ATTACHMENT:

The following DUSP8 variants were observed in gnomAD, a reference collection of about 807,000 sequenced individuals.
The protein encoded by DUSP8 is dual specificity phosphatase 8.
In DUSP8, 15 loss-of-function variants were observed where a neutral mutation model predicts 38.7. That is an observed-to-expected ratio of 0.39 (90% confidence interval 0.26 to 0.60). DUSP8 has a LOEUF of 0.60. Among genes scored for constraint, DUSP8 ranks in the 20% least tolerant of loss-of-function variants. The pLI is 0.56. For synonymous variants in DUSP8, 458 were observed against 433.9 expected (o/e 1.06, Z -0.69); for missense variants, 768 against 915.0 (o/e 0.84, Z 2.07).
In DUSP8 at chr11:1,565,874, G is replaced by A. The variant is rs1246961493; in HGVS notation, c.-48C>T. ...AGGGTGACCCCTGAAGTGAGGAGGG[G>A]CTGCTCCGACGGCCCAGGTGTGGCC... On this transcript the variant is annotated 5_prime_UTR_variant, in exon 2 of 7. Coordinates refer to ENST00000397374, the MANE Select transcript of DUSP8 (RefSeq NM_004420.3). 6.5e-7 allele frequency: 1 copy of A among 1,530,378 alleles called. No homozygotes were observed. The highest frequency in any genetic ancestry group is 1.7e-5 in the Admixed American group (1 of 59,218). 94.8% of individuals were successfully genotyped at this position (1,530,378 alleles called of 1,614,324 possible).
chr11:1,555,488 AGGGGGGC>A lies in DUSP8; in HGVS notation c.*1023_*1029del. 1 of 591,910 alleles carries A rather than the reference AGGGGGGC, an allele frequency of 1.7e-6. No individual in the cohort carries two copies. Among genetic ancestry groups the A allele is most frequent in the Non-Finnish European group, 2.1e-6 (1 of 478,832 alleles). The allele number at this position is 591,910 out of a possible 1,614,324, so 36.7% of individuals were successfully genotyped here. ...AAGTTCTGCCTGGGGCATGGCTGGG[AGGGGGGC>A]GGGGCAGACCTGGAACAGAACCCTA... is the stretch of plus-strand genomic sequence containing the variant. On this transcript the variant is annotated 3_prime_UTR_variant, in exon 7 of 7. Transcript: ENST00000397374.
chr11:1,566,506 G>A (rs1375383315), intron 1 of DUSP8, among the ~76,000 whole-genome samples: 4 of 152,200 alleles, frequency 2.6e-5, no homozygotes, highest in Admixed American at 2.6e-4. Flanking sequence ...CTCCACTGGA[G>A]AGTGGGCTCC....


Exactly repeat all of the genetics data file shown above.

The following DUSP8 variants were observed in gnomAD, a reference collection of about 807,000 sequenced individuals.
The protein encoded by DUSP8 is dual specificity phosphatase 8.
In DUSP8, 15 loss-of-function variants were observed where a neutral mutation model predicts 38.7. That is an observed-to-expected ratio of 0.39 (90% confidence interval 0.26 to 0.60). DUSP8 has a LOEUF of 0.60. Among genes scored for constraint, DUSP8 ranks in the 20% least tolerant of loss-of-function variants. The pLI is 0.56. For synonymous variants in DUSP8, 458 were observed against 433.9 expected (o/e 1.06, Z -0.69); for missense variants, 768 against 915.0 (o/e 0.84, Z 2.07).
In DUSP8 at chr11:1,565,874, G is replaced by A. The variant is rs1246961493; in HGVS notation, c.-48C>T. ...AGGGTGACCCCTGAAGTGAGGAGGG[G>A]CTGCTCCGACGGCCCAGGTGTGGCC... On this transcript the variant is annotated 5_prime_UTR_variant, in exon 2 of 7. Coordinates refer to ENST00000397374, the MANE Select transcript of DUSP8 (RefSeq NM_004420.3). 6.5e-7 allele frequency: 1 copy of A among 1,530,378 alleles called. No homozygotes were observed. The highest frequency in any genetic ancestry group is 1.7e-5 in the Admixed American group (1 of 59,218). 94.8% of individuals were successfully genotyped at this position (1,530,378 alleles called of 1,614,324 possible).
chr11:1,555,488 AGGGGGGC>A lies in DUSP8; in HGVS notation c.*1023_*1029del. 1 of 591,910 alleles carries A rather than the reference AGGGGGGC, an allele frequency of 1.7e-6. No individual in the cohort carries two copies. Among genetic ancestry groups the A allele is most frequent in the Non-Finnish European group, 2.1e-6 (1 of 478,832 alleles). The allele number at this position is 591,910 out of a possible 1,614,324, so 36.7% of individuals were successfully genotyped here. ...AAGTTCTGCCTGGGGCATGGCTGGG[AGGGGGGC>A]GGGGCAGACCTGGAACAGAACCCTA... is the stretch of plus-strand genomic sequence containing the variant. On this transcript the variant is annotated 3_prime_UTR_variant, in exon 7 of 7. Transcript: ENST00000397374.
chr11:1,566,506 G>A (rs1375383315), intron 1 of DUSP8, among the ~76,000 whole-genome samples: 4 of 152,200 alleles, frequency 2.6e-5, no homozygotes, highest in Admixed American at 2.6e-4. Flanking sequence ...CTCCACTGGA[G>A]AGTGGGCTCC....